I have identified 32 banks that are $@%%. It's really as simple as that. I have been publishing the research that I used to build my investment thesis. Thus far we have:
- Intro: The great housing bull run – creation of asset bubble, Declining lending standards, lax underwriting activities increased the bubble – A comparison with the same during the S&L crisis
- Securitization – dissimilarity between the S&L and the Subprime Mortgage crises, The bursting of housing bubble – declining home prices and rising foreclosure
- Counterparty risk analyses – counterparty failure will open up another Pandora’s box
- The consumer finance sector risk is woefully unrecognized, and the US Federal reserve to the rescue
- Municipal bond market and the securitization crisis – part I
- An overview of my personal Regional Bank short prospects Part I: PNC Bank - risky loans skating on razor thin capital, PNC addendum Posts One and Two
- Reggie Middleton says don't believe Paulson: S&L crisis 2.0, bank failure redux
- More on the banking backdrop, we've never had so many loans!
I am almost prepared to start listing more of my commercial banking shorts, but before I do I want to delve even further into the educational realm so there is no doubt as to why I am as bearish as I am. For those who can't wait to see my ultimate shorts, I will give you the complete list of what I call the "Deep Doo-Doo Banks". These are the banks that are steeped pretty deep in it. Are you ready? Can you handle the pressure? Okay, here we go!
Wells Fargo (WFC) - Popular Inc (BPOP) - SunTrust (STI) - KeyCorp (KEY) - Synovus Financial Corp (SNV) - Marshall & Ilsley (MI) - Associated Banc (ASBC) - First Charter (FCTR) - M&T Bank Corp (MTB) - Huntington Bancshares (HBAN) - BB&T Corp (BBT) - JPM Chase (JPM) - U.S. Bancorp (USB) - Bank of America (BAC) - Capital One (COF) - Nara Bancorp (NARA) - Sandy Spring Bancorp (SASR) - PNC (PNC) - Harleysville National (HNBC) - CVB Financial (CVBF) - Glacier Bancorp (GBCI) - First Horizon (FHN) - National City Corp (NCC) - WaMu (WM) - Countrywide (CFC) - Regions Financial Corp (RF) - Citigroup (C) - Wachovia Corp (WB) - Zions Bancorp (ZION) - TriCo Bancshares (TCBK) - Fifth Third Bancorp (FITB) - Sovereign Bancorp (SOV)
Now, I already released some of my work on one of the banks, chosen due to paper thin capitalization - along with a different view on leverage. Keep in mind, for the purposes of this blog, I'm just a resourceful individual investor - albeit one that is very lucky to date (this post was before Bear Stearns dropped 98%). Therefore, no one, and I really mean no one, should be taking my opinions on this blog as investment advice. It is not intended as such and should not be percieved as such.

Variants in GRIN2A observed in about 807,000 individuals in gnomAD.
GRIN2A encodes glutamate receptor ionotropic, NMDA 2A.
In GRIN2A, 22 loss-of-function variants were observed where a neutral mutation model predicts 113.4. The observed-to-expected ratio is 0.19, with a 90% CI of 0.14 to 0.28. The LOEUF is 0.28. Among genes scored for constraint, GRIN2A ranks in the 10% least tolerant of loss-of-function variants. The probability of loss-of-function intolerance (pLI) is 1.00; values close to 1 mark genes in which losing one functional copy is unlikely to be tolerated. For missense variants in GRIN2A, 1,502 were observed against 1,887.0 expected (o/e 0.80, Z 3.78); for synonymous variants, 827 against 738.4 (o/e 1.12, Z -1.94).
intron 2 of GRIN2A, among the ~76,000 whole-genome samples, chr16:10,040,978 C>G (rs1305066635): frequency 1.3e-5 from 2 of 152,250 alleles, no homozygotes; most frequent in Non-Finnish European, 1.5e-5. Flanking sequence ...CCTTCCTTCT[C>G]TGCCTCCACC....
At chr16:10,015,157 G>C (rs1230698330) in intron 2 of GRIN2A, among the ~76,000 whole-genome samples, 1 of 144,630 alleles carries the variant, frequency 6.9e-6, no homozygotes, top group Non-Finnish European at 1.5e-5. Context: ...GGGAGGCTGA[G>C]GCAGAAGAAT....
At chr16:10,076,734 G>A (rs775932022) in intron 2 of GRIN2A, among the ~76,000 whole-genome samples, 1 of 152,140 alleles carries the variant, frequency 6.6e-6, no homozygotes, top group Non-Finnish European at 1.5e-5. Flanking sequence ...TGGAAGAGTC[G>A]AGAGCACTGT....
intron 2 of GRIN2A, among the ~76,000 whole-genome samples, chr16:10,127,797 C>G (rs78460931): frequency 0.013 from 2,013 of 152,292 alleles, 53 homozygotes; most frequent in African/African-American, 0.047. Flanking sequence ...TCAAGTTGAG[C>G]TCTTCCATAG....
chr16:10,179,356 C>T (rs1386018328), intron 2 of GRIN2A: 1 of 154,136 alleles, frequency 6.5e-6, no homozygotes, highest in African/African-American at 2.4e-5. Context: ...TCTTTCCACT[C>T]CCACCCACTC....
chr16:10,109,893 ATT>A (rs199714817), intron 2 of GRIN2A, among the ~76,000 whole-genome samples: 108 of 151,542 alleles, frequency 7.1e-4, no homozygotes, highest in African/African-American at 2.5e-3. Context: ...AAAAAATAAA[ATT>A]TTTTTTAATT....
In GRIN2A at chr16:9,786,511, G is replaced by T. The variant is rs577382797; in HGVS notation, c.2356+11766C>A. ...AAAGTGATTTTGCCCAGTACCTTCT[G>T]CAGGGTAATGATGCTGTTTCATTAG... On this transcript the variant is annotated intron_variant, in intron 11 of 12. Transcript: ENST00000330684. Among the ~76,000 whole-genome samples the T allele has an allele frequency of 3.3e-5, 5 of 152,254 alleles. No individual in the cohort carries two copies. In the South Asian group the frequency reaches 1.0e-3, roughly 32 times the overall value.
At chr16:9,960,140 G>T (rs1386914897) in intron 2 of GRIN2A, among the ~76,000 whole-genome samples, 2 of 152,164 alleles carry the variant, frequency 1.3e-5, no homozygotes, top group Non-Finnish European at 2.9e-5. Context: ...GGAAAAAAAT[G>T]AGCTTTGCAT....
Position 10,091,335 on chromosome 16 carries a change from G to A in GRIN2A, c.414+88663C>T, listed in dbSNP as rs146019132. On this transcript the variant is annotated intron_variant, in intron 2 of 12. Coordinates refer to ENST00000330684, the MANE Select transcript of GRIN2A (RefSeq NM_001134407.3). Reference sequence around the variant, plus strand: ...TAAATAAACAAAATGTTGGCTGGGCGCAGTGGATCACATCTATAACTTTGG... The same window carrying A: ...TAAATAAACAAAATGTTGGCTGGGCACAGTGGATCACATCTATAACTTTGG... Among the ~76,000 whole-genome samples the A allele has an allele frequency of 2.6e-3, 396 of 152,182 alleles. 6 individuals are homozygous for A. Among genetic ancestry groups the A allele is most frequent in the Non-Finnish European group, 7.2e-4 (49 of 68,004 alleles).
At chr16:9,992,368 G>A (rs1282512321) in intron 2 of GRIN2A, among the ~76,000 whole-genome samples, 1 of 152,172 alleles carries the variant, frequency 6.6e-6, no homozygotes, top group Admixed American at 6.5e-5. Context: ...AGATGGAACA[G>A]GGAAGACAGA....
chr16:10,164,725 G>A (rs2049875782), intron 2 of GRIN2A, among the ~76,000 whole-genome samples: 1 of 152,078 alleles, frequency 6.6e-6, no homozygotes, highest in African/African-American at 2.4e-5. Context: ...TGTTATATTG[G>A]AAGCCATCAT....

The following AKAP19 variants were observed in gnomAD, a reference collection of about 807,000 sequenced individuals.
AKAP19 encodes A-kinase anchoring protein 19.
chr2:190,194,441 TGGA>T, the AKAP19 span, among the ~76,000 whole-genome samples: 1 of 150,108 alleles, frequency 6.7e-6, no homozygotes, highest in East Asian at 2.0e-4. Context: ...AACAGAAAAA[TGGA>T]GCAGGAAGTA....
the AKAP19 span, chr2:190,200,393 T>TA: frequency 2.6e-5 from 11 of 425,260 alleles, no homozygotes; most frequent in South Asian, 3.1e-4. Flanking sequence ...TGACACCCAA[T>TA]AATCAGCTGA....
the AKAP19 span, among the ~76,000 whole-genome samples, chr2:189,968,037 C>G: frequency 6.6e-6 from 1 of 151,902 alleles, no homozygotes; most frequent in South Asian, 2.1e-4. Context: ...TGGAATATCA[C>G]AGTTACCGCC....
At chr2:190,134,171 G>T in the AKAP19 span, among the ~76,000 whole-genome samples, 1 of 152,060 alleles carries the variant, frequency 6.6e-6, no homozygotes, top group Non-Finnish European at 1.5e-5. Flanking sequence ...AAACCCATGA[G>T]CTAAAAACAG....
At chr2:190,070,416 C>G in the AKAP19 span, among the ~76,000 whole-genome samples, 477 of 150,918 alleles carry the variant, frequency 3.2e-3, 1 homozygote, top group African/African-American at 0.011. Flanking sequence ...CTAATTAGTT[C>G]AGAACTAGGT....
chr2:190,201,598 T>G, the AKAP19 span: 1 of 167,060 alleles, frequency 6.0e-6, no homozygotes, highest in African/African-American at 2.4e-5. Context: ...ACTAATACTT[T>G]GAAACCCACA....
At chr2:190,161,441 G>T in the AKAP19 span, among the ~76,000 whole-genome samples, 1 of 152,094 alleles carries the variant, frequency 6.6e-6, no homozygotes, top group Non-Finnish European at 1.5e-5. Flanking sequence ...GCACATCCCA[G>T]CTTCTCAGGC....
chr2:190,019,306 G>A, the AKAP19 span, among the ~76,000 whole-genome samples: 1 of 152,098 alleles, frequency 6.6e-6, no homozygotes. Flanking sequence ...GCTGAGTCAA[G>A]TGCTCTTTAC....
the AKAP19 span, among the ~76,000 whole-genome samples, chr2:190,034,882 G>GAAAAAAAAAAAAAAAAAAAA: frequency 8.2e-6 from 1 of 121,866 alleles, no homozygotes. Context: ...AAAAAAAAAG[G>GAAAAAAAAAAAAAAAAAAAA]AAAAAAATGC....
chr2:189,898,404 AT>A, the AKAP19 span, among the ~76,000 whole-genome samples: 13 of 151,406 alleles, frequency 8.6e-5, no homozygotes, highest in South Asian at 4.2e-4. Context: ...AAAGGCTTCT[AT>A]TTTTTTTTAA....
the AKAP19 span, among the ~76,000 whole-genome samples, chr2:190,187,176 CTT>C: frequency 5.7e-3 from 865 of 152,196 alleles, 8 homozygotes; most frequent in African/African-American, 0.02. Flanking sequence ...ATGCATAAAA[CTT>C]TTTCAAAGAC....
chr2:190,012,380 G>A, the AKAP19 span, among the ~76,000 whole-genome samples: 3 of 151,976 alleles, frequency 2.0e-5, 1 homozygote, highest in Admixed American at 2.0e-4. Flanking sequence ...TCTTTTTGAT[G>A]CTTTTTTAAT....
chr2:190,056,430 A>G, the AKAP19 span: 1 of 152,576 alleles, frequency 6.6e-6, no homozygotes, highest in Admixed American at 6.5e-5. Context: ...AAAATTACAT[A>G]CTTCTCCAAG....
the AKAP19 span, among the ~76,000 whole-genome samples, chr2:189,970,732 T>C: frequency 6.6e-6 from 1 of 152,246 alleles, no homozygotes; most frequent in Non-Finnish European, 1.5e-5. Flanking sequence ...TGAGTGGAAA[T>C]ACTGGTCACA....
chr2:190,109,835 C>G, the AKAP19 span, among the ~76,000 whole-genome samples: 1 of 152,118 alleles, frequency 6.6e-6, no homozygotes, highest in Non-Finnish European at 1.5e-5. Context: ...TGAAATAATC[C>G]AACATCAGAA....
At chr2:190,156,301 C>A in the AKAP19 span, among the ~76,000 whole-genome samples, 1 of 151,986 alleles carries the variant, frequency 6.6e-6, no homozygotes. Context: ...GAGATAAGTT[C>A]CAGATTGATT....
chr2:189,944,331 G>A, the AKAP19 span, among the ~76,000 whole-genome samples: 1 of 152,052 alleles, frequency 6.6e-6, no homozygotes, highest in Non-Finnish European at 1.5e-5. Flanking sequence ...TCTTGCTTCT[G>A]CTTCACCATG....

Before we focus on which banks I am shorting, let's explore the current banking environment. I aimed my team at banks that have high concentrations in risky products, risky geographic areas and low tangible and regulatory capital. There were a lot to choose from. So, to narrow down the list, I had everybody enter the 12 step program - after reading my tutorials above, of course.
2nd lien products in high LTV states that have rapidly declining housing values proffer the opportunity for 100% losses with no recoveries.
Above is a list of states and the home equity and 2nd lien defaults for said states. For those who don't know, 2nd lien loans (of which include HELOCS, piggy backs, home equity loans, etc.) are 2nd in line when it comes to liquidation rights under foreclosure. If the loan was made with a high LTV (let's say 90% combined LTV, with the first loan made at 85% LTV), in an area that has even a modest (these days, anyway) decline in value of 10% year over year, then you effectively have a 100% loan with not equity. Every dollar after this that the house drops is a permanent loss from the bank's loan. Factor in the costs of deed transfer, mortgage tax, utilities, upkeep, brokers commissions and legal fees (about 7.5%), and the bank now get's nothing, even if it can move at auction. When I say nothing, I mean nothing. Not just an NPA on its books, but absolutely not way to recover any value from the home. I can hear the blog readers now saying, "Well, what are the chances of that happening?". Stay tuned, and we will assuredely find out.
The graph above shows a subsection of my 32 bank Deep Doo-Doo list who sport:
- HELOC portfolio exposures with high average LTVs that increase the risk of the whole portfolio
- HELOC portfolio exposures with full 100% LTVs or close to it consisting of a very large portion of the total portfolio